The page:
Pediatrician: "The interaction with our patients, children and parents are a privilege and the best thing about this job. Also, being able to help people, even if it just listening is great. Staying up at night, often is the worst. Also, with the uncertainty of health care our future is unclear at this time. Sometimes this can be a little unsettling and I am sure for the future of medicine this can affect how we approach this job financially." (2011)


Plastic Surgeon: "The best part of my job has not faded with time. It is forever changing someone's life for the better. It's using the medical arts to make someone whole. I was never in this for the cash. I would never have stayed in an academic institution if I was. The worst part is when God reminds you that you are not God and things go wrong despite your best intentions. Having the strength to admit that you are wrong or work with angry patient, to not walk away is a humbling lesson. It will happen to all physicians. Lastly, I hate the paperwork and the malpractice threat. I hate that some patients can be demanding, feel entitled, manipulative of our mandate to serve. But if I look at all the professions out there, I see that all of them have their drawbacks." (2010)


Medical Doctor: "The best part of my job is to see a patient recover from illness. Sometimes this requires a very sophisticated work-up and the coordination of care between a number of specialists. Most of the time patients do not realize how many people are involved in their care. The worst part of the job is to see people dying. It happens to every one and it does not matter if we want it or not." (2010)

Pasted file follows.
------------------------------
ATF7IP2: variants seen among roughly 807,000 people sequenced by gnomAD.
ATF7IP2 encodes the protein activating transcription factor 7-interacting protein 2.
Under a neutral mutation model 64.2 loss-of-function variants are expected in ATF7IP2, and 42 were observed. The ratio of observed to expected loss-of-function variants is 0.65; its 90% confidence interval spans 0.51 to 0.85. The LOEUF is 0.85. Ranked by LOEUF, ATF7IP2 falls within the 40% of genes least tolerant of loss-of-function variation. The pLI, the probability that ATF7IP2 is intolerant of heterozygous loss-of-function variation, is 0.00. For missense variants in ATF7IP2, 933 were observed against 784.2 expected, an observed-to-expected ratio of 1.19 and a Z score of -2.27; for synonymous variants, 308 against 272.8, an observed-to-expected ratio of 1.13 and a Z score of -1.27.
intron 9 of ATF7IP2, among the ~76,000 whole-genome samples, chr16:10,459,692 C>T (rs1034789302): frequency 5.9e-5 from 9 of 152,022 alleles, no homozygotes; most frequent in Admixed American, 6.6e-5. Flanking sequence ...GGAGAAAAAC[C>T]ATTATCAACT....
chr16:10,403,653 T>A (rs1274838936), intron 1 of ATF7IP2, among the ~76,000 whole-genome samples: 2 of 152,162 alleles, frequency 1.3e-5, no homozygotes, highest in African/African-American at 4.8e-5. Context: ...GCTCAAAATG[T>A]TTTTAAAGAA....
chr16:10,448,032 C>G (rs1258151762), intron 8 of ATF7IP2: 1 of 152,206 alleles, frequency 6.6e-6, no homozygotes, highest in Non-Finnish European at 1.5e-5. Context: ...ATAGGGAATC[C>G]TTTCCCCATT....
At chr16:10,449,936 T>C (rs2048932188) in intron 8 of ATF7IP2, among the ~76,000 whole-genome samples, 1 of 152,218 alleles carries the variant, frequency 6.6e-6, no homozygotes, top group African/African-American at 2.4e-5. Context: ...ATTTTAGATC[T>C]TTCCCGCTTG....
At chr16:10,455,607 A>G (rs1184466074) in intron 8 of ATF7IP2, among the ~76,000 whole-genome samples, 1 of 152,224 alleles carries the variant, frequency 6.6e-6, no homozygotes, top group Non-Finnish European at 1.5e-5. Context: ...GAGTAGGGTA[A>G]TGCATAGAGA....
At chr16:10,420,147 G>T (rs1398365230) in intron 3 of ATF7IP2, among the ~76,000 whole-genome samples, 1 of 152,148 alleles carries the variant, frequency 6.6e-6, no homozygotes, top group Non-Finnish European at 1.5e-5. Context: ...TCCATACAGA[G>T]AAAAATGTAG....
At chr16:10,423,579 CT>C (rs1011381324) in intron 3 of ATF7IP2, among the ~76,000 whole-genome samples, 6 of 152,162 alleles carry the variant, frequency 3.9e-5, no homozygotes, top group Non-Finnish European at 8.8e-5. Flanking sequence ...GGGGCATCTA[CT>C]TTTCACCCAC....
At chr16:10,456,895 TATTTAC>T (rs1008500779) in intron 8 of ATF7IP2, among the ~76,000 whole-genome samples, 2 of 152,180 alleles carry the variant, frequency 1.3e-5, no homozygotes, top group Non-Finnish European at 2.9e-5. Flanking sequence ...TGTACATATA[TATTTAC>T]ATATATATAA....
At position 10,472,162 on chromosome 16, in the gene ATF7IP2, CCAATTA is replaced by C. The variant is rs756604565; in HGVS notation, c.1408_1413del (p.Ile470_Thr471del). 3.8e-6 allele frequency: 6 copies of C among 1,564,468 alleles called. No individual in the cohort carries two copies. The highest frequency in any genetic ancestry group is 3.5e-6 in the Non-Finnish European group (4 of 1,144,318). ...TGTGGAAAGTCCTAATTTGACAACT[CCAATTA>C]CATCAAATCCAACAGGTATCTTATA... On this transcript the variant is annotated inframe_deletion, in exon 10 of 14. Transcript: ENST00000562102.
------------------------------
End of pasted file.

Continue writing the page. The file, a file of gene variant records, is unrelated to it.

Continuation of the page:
Physician: "The best part of my job is helping people who are ill to recover and those who are not to maintain their good health. The best reward of my job is to see my patients recovered and regain their normal function status. In general, as a physician, I am well-respected by my patients. The worst part of my job is that some patients are not compliant with the treatment, or do not follow up as schedule." (2010)


Physician: "The best parts of my job are helping patients improve their health and their lives, and getting to know them well over the course of the years. The worse parts are filling out a myriad of forms - disability forms, absence from work forms, insurance forms, authorization forms for the insurance companies, medication approval forms and the like. A good but sad part is helping them say goodbye at the end of life, and helping their families say goodbye." (2010)


Physician: "The best part of my work is seeing a sick person getting better or someone who came in in an ambulance leaving the hospital on their own two feet. The very best is seeing a patient whom I diagnosed with cancer finishing treatment and getting a clean bill of health. The worst is seeing young people dying with untreatable diseases and people suffering from pain. The dark side of my job is the mounting paper work which takes a good part of my day." (2010)


Physician: "The best part of the job is taking care of people and knowing that I've truly made a difference in their lives, and even saved lives. This happens every day. I also like the variety in my specialty. I get to do surgery, deliver babies, and see different people every day. The worst part of the job is the paperwork and the way we get paid. Doctors get paid through insurance companies and the forms that they demand have not been standardized. Every insurance company wants something different. Sometimes you feel like its not worth it. The long hours and interrupted sleep are also difficult." (2010)


Physician: "The best part of the job is seeing a baby recover, especially one who's been sick and in the NICU for a long, long time. I also like having relationships with families and teaching students and residents. The worst parts are the hours: we work 24-hour shifts and a lot of nights and weekends. The paperwork is also very time-consuming and becoming more and more cumbersome to the point I sometimes could spend more time doing paperwork than I do actually taking care of patients." (2010)

Career Background